freedom of movement
      � Provides warmth, without weight and bulk
      � Wind resistant properties
      � Machine Washable
      On the lower arms of the Doppler it is strategically
      placed just below the elbows and extends upwards past
      the wrists (engulfing the forearm) so that when I curl
      my arms inwards, towards my body, my wrists do not get
      exposed. The design is also quite appealing to me. The
      shoulder, lower arms, and hip panels, are charcoal
      colored while the rest of the pullover is cedar. When
      I saw it in MEC my first thought was that it looked
      too good to be used in the backcountry. Initially I
      decided to use it as a casual dress item. There is an
      elastic drawstring located in the hip panels of the
      Doppler. It could be cinched up with one hand, gloves
      on or off, and has one side to cinch it up; which is
      situated on the right. The Doppler also sports a high
      neck collar which reduces heat loss. An extra unique
      feature is, a small pocket fitted with a zipper on the
      sleeve of the left hand, for easy access of small
      items like lip balm.

      Field information-

      When I bought this pullover, my intentions were to use
      it as a casual dress item during the winter months
      under a light jacket; so that I could dress well and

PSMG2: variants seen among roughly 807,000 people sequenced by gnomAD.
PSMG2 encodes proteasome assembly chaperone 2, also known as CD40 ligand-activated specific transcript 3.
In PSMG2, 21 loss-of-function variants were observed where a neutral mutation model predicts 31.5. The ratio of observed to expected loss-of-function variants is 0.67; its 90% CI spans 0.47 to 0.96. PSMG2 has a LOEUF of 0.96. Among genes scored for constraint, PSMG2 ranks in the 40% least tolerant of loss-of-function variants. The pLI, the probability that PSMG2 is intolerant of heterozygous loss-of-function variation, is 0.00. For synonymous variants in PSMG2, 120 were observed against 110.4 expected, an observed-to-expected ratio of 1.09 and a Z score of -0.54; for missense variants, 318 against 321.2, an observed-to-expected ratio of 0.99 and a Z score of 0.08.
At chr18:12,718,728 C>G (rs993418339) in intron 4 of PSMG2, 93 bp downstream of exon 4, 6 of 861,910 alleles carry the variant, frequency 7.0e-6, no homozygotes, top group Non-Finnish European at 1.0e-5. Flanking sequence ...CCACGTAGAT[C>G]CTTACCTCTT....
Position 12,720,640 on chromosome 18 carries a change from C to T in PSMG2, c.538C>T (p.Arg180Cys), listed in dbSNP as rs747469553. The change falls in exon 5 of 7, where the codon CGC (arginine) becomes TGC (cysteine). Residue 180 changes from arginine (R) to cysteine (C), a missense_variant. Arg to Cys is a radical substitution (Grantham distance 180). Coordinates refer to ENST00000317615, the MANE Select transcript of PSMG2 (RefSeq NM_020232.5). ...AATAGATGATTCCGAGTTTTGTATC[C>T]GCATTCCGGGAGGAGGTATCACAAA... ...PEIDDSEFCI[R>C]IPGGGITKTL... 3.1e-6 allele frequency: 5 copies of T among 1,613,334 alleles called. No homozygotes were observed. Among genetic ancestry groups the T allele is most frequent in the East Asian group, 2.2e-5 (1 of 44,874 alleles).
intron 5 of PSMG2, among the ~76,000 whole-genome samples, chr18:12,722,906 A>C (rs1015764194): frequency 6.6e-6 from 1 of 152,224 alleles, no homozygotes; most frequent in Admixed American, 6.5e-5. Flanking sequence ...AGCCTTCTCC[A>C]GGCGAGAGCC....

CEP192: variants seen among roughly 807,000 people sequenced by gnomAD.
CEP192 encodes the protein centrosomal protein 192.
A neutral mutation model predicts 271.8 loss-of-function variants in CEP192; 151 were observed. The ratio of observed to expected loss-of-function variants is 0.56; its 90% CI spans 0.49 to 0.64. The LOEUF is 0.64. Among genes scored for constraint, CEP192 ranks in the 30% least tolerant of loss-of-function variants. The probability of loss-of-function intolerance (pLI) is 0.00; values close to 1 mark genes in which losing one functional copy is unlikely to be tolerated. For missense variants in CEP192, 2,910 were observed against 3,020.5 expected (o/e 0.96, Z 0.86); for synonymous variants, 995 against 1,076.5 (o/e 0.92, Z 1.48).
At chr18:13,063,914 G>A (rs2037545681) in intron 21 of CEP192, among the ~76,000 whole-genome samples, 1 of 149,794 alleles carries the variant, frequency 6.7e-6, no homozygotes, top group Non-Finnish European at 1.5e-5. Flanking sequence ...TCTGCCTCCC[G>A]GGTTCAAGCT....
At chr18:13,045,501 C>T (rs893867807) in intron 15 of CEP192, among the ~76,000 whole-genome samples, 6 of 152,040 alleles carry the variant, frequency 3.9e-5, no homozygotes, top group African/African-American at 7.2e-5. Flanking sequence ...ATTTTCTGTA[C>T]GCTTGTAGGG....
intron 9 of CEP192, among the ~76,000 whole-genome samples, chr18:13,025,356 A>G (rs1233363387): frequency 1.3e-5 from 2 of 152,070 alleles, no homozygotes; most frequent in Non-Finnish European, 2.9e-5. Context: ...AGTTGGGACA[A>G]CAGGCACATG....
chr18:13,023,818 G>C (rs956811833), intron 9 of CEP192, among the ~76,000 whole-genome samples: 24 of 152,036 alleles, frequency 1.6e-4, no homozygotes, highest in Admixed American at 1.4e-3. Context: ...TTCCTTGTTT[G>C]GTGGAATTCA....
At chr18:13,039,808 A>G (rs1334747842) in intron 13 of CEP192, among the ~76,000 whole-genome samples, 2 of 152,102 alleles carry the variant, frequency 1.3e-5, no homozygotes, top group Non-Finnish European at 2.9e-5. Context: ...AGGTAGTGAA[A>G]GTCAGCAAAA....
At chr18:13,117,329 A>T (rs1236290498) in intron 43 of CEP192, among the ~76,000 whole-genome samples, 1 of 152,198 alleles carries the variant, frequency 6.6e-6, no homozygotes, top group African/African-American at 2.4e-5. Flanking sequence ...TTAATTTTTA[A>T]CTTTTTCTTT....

be warm at the same time. However, my Winter Camping
      class was scheduled to take 3 days-2 nights, on a
      field trip to Mosquito Creek, British Columbia; about
      a 4 hour drive from our location in Alberta. The
      conditions were to be quite fair; clear skies and
      sunny. Exact temperatures I won�t be able to provide,
      but approximately it was above 0C (32F) during the day
      (plus or minus a degree or so) and at night dropped to
      roughly -10C (14F). Our exact elevation is unknown,
      but we were not too far below Alpine Tree-Line. The
      ground was covered with between 3- 4.5 ft (0.91-
      1.22m) of snow. I was short on sweaters and decided
      to take the Doppler along with me, use it this once on
      the trip then retire it to the use I had intended it
      for; once I got back .That never happened.
      My insulating layer was a Lite- weight pullover
      underwear top, and I wore a fleece jacket as an outer
      layer overtop the Doppler. When it got colder, I put
      my Columbia Down fill Parka overtop the fleece jacket.
      We spent a day snowshoeing/cliff jumping, and while we